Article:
I know, a portfolio is only supposed to show your "most recent, most bestest" work. Well, I guess I like to break the rules sometimes! I enjoy looking back on older work that I've done, seeing how my skills and aesthetics have changed over time, and recalling the vast variety of lessons I learned that have gotten me to where I am today.
Ahh, my first paid project. Vinocopia was a boutique wine distribution company. They were based out of Minnesota, and were working on an expansion into the Colorado market. Previously, they had a simple one-page website that provided their customers with a phone number, email, and few lines of marketing text. They wanted a full-blown website where customers could find out about the company, team, recent news, and most importantly, a full product list with information on where and how to buy. They also wanted to be able to edit and update the website themselves, so of course, I turned to Wordpress.
This was my first site built entirely with Wordpress, which was both challenging and exciting. At the time, CMS systems were really just starting to become popular, and the school I attended had not started teaching how to build and use these kinds of systems yet, so it was up to me to learn everything I needed on my own. I spent countless hours on Stack Overflow, Quora, and pretty much all of Chris Coyier's websites and books. I had to figure out how to create custom post-types and taxonomies, customize the UI with injected CSS, and even learn some basic PHP to create an age-gate. I created a product list that allowed users to view wines by varietal, brand, vintage, and country of origin. The clients had various imagery that they wanted to incorporate, and ideas about sections of information that they wanted to include, but no clear plan on how they wanted to organize or present all of it. So this was also my first project that involved real information architecture. I came up with a detailed plan for each section and page of the site, which went through a few iterations based on client feedback, and became the basis for the entire design.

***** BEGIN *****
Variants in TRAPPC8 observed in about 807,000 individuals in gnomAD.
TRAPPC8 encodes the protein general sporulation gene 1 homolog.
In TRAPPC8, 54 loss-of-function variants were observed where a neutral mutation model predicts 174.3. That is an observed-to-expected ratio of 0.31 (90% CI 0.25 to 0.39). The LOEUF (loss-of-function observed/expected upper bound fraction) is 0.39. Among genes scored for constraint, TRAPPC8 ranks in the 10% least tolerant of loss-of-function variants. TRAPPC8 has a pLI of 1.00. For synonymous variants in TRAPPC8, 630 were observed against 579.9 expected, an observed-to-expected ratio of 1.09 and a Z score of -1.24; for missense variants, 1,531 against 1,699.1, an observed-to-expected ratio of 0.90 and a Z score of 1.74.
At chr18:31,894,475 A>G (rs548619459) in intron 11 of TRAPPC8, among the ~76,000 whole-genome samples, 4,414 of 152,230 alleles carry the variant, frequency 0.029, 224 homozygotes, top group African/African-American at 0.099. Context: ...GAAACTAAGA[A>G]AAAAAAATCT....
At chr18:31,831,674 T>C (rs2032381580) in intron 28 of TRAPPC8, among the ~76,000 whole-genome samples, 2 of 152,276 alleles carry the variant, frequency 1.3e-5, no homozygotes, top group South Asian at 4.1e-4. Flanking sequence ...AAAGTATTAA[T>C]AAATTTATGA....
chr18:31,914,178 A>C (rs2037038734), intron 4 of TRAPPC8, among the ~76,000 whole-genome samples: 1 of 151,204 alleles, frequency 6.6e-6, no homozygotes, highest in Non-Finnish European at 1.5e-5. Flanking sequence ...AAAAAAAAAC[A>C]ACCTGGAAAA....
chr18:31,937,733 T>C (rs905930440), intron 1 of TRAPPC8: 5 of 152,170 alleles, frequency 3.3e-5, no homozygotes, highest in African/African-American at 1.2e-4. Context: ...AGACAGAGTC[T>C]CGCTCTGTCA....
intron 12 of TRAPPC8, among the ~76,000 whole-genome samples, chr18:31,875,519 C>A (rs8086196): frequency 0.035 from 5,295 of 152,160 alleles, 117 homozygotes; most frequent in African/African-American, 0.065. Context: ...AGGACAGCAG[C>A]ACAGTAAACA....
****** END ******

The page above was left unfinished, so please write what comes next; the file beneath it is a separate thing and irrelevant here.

The entire project took about 3 months (completed on schedule), and the clients were quite happy with the final result, and used the website for many years. Although Vinocopia is no longer in business, I have maintained an archived version of the site, which you can view here.
Louisa B Designs Branding and Website
Ms. B is a local jewelry designer, specializing in custom, handmade jewelry inspired by nature. She and I connected at a time when she was just starting to launch her own business. She wanted a website that she could use for promotional purposes, product showcases, and blogging. I also worked with her to create branded marketing materials, including a custom logo, business cards, and some packaging pieces.